New store considerations include everything from where to put the oven to how to best reflect the brand
Whether it’s your first restaurant or the fifth location of your growing company, there are many design elements to consider when opening a new location. Operators and design experts say these considerations range from whether the place is big enough to fit a pizza oven to whether the space reflects your brand’s identity.
“Find the heart of your concept and embrace that and work around that,” says Steven Hewett, project manager for HDG Architecture in Spokane, Washington. “If it’s pizza with a specific type of crust, maybe you put the oven on display.”
Operators that install the oven as the focal point often have to make adjustments during construction. At Circolo in Waldwick, New Jersey, owner George Kalivas opened up a wall so a forklift could deliver the enormous oven he bought from Naples. The oven bakes eight pizzas at a time, and the visual aspect is part of the appeal. “You can see it when you walk in, you see it from the dining room, and from every seat in the restaurant you can see the glow from the wood,” he says. He adds that the oven is next to an open kitchen, making the workflow easy for servers as they make their way into the dining room.
While the oven is a key element in many pizza restaurants, it cannot be the only element. “If you decide you’re building this entire space around the pizza oven, everything else has to be carefully designed,” says Abigail Plonkey, associate principal and director of brand experience design at OZ Architecture in Denver. “It can’t just be hodgepodge.”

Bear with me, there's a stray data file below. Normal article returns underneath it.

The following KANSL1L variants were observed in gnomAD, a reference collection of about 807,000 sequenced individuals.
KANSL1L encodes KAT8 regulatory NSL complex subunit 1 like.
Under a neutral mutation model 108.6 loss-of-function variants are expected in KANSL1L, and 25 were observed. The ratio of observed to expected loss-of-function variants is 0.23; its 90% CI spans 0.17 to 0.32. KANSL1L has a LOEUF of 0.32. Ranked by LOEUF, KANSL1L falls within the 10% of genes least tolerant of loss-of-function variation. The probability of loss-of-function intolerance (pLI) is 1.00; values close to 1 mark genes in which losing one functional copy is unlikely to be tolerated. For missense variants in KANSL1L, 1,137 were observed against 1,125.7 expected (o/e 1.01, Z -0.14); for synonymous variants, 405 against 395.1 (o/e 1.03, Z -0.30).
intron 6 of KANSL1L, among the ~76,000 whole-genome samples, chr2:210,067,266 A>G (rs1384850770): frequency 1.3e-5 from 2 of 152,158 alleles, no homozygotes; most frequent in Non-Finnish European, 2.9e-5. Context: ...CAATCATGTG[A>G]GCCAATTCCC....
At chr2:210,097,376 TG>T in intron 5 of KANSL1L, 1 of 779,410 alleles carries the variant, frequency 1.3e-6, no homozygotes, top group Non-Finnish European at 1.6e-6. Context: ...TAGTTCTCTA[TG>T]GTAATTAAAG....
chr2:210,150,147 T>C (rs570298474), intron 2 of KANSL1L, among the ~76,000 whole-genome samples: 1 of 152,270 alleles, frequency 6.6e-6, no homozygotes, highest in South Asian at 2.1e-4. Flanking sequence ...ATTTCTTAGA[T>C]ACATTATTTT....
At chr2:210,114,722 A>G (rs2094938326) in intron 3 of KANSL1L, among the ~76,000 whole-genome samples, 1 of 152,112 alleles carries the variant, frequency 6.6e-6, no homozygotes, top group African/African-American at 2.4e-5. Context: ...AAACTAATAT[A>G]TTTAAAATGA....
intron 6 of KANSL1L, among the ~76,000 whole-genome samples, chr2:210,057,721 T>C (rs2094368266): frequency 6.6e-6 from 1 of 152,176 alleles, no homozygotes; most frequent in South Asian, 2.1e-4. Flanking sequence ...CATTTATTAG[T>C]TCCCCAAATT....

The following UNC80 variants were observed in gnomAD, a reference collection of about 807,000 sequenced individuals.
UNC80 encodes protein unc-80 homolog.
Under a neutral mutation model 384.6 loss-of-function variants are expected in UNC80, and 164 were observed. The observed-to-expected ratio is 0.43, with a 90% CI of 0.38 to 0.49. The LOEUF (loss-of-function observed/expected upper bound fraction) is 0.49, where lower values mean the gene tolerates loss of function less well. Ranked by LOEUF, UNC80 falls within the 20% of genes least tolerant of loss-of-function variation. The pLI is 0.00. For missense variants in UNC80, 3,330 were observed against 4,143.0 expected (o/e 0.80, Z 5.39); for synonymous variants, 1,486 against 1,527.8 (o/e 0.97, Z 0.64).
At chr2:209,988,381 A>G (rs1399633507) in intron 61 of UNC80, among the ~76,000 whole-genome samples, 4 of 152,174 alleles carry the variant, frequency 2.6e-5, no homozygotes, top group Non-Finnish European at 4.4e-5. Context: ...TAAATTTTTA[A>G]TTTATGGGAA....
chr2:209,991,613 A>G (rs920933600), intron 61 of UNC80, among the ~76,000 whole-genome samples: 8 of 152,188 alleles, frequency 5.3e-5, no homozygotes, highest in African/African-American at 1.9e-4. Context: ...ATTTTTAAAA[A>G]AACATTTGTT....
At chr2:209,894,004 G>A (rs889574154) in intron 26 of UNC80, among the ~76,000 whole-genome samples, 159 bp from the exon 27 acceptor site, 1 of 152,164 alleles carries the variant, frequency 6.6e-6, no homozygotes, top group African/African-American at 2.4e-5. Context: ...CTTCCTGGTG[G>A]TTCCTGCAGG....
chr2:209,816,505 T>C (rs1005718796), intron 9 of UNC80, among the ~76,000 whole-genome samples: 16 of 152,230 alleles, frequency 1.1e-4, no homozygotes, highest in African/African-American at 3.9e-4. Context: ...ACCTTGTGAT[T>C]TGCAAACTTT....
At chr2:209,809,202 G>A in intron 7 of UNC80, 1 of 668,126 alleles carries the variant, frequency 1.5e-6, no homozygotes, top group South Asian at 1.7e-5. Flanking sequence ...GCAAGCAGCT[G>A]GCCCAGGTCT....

Operators must consider details such as seating, where the line forms if the place offers delivery, and whether there are adequate restrooms. It helps to have a cohesive team of operations, design, branding and kitchen consultant involved in the process. “How the brand is experienced in the space, so it feels authentic, is a good way to differentiate yourself from the sea of competition,” Plonkey says.
At T and B Pizza in Boston, which husband-and-wife owners Tim and Bronwyn Wiechmann plan to open in May, the wood-burning oven will reflect the essence of the brand. “My particular angle is very chef driven, food oriented, complex artisanal pizza,” Tim Wiechmann says. “The visual is part of the ethic and stance of our angle.”
In addition to pizza, the menu will have two or three salads, Wiechmann says. That means the kitchen will be small, with no deep fryers, hood or fan. The eatery, located in a former convenience store in the same building as the couple’s German restaurant, Bronwyn, will also have an extensive bar.
Another detail related to the oven is that it has to pass certain tests with local authorities. Erik and Nayda Hutson opened Renzo Wood-Fired Pizza & Natural Wine in Charleston, South Carolina, in 2018. The team met with the fire marshal and the city building inspector to confirm what ventilation and fire suppression would be needed with the wood-fired oven. “Once we got the go-ahead from city officials, we felt confident announcing our plans to the public,” says Erik, also the project’s architect and contractor.